Wish your kids loved classical music as much as you do?
As a youngster, I had some great opportunities that transformed me into the classical music lover I am today. I think that I was interested in classical music from a young age because I was able to interact and engage with it in a way that was fun.
There are several great movies that feature classical music in a way that is easy and fun for kids to understand. One of my all time favorite movies is August Rush, the story of an orphaned boy who becomes a genius composer as he searches for his parents.
Though I had been read the story of Peter and the Wolf many times as a child, I saw the 2006 stop-animation version of Peter and Wolf on PBS and it is a great retelling of the classic story, fit to all the nuances of Provokiev’s wonderful “soundtrack”.
Through musical scores like Pirates of the Caribbean or Harry Potter, children can connect melodies that they know to a symphonic orchestra sound. Movie scores can be more energetic than “old” classical music so it is great to play them as background or motivational music while cleaning or enduring long car-trips.
Instrument Petting Zoo
An instrument petting zoo is a great experience for kids and adults. In a lobby area, musicians with all different instruments set up stations so that kids can come touch and sometimes play the instruments. It is interesting to understand how the instruments work. After a performance of Peter and the Wolf, there was a petting zoo in the Thalian ballroom. I was pretty young, but my mom does remember that I played (honked, quacked…whatever) a note on the bassoon. It is interesting to revisit this memory because I am studying music composition and bassoon performance in college.
Finding an instrument petting zoo is a little difficult, because they don’t happen that often. You have to keep your eyes and ears open, for example the Cape Fear Museum of History and Science did a wonderful ‘Meet the Instruments’ series a few years ago.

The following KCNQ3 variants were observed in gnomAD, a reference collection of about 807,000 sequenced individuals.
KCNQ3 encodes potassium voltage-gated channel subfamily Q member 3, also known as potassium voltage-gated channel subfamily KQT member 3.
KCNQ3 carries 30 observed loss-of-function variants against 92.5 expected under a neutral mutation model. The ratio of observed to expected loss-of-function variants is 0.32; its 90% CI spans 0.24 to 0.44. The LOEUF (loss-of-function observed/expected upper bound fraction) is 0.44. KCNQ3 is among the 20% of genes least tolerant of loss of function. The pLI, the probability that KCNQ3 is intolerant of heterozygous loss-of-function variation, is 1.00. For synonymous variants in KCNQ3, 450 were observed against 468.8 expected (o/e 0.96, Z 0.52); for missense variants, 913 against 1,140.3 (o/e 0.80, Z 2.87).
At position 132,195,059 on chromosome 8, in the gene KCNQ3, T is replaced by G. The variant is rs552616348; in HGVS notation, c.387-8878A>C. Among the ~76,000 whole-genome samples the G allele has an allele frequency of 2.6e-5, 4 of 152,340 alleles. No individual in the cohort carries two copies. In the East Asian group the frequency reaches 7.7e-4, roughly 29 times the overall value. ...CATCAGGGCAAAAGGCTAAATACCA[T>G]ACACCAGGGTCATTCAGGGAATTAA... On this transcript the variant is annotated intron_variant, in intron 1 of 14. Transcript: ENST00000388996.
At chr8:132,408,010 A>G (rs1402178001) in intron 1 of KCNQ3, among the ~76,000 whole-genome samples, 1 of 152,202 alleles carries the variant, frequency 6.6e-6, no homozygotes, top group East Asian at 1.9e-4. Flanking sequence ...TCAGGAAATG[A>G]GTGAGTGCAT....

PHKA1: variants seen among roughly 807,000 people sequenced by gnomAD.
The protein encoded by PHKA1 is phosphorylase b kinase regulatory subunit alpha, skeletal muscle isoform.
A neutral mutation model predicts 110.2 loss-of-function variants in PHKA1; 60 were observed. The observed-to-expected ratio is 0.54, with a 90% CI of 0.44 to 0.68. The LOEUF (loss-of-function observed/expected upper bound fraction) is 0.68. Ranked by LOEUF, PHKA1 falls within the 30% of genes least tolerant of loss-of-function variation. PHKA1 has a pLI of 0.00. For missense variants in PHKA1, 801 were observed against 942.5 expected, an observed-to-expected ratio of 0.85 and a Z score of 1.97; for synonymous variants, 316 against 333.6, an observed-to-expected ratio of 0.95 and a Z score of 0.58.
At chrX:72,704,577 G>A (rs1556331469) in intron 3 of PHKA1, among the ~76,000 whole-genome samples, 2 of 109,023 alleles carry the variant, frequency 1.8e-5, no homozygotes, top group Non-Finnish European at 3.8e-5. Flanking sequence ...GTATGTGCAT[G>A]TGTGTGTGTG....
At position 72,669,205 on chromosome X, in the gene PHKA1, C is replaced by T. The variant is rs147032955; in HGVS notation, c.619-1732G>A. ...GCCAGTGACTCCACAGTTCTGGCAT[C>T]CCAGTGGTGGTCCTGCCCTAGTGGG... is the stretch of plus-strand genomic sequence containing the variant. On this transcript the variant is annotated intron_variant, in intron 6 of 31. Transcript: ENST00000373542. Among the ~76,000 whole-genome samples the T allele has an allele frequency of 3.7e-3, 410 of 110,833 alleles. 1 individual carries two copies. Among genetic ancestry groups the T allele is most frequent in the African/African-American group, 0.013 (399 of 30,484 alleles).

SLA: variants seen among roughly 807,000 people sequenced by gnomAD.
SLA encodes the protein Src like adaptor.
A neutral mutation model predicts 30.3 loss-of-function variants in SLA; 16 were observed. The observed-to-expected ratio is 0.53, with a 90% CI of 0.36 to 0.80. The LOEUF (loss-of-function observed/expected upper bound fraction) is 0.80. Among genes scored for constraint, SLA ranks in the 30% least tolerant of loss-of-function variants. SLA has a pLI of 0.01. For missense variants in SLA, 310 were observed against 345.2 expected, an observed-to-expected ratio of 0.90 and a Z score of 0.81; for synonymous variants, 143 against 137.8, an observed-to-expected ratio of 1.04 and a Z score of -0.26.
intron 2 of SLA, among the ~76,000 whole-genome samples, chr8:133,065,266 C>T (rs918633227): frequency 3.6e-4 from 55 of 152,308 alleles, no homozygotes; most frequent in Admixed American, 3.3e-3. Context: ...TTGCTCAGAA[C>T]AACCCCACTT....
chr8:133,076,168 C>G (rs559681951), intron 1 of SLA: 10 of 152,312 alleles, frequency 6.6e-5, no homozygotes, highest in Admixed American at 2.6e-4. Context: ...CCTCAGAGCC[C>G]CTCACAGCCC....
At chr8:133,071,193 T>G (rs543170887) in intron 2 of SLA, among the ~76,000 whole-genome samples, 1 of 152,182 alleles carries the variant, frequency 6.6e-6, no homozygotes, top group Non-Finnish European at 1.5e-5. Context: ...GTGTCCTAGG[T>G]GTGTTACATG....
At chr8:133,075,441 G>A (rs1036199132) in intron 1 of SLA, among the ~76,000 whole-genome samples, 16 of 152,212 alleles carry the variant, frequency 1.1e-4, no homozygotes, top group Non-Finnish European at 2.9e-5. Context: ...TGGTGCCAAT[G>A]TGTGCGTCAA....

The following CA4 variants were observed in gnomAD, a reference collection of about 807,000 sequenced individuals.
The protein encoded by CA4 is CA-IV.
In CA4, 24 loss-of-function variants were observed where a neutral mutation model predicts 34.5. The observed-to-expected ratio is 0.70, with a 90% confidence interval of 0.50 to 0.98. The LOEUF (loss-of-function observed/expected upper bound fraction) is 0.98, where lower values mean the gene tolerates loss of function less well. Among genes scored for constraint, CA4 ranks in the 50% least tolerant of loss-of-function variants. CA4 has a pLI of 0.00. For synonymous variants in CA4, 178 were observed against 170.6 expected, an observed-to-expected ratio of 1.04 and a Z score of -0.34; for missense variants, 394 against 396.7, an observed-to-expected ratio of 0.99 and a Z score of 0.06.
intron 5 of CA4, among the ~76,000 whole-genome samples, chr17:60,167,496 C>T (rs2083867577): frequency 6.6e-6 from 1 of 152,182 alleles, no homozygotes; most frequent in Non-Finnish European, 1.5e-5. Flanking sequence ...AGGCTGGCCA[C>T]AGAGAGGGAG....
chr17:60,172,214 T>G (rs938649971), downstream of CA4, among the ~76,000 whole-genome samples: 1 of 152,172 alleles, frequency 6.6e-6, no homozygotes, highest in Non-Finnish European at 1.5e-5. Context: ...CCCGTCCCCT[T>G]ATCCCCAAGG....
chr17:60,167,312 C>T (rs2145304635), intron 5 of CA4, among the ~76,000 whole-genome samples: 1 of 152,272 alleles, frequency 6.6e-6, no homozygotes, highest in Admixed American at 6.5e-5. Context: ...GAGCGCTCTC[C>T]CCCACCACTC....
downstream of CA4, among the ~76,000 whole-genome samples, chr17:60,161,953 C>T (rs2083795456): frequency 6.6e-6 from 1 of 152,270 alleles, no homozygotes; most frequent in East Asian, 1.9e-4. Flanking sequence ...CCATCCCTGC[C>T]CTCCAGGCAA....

Starting piano or violin lessons at a young age is a good way to let children understand that playing music is not only for grown-ups. Having good teachers means that children listen to them and will be more likely to practice so that they can make the teacher proud. A good teacher is not always a strict teacher, and parents shouldn’t expect their kids to suddenly become piano child prodigies either. Children look up to great teachers in awe of their abilities, but are able to connect with them as a kind, authoritative figure.
Go to concerts
While attending concerts may not be the coolest thing out there for kids to do, it can be just as fun as going to a movie on a rainy day. Though not all concerts are appealing for children, there are ways to make the average concert exciting. Attending youth symphony concerts might be more fun if you have a friend of neighbor that they can look up to and recognize. Finding fun and recognizable music always makes concerts more fun. I remember visiting my grandparents in Ohio and attending the New Years Eve Strauss celebration where along with the Blue Danube Waltz and Auld Lang Syne, the Dayton Philharmonic released balloons. At one of those midnight concerts, Neal Gittleman, an energetic conductor introduced the audience to “Pavarotti Loves Elephants” a rendition of La Donna e Mobile (http://www.rathergood.com/elephants). (Check the link it’s still hilarious 8 years later – you’ll be singing this all day!) Ballets like the nutcracker are also a great and entertaining holiday hit.
Whatever gets kids excited about music is worth it. Making a rubber-band guitar or banging on pots and pans is fun, and more entertaining than TV or the Internet. When I was younger, I got excited about the Peter, Paul and Mary CD we kept in our car and listened to almost everyday. My favorite musical was Cats, and after seeing it onstage my sister and I woke up to “Jellicle Cats” as our alarm.
Having public radio on in the background is also a great way to expose kids to great classical music. I remember being inspired by the kids my age on “From the Top”. “Classics for Kids” is a wonderful way for children and adults to learn more about composers, countries and musical eras. And yes, Always, Always listen to WHQR.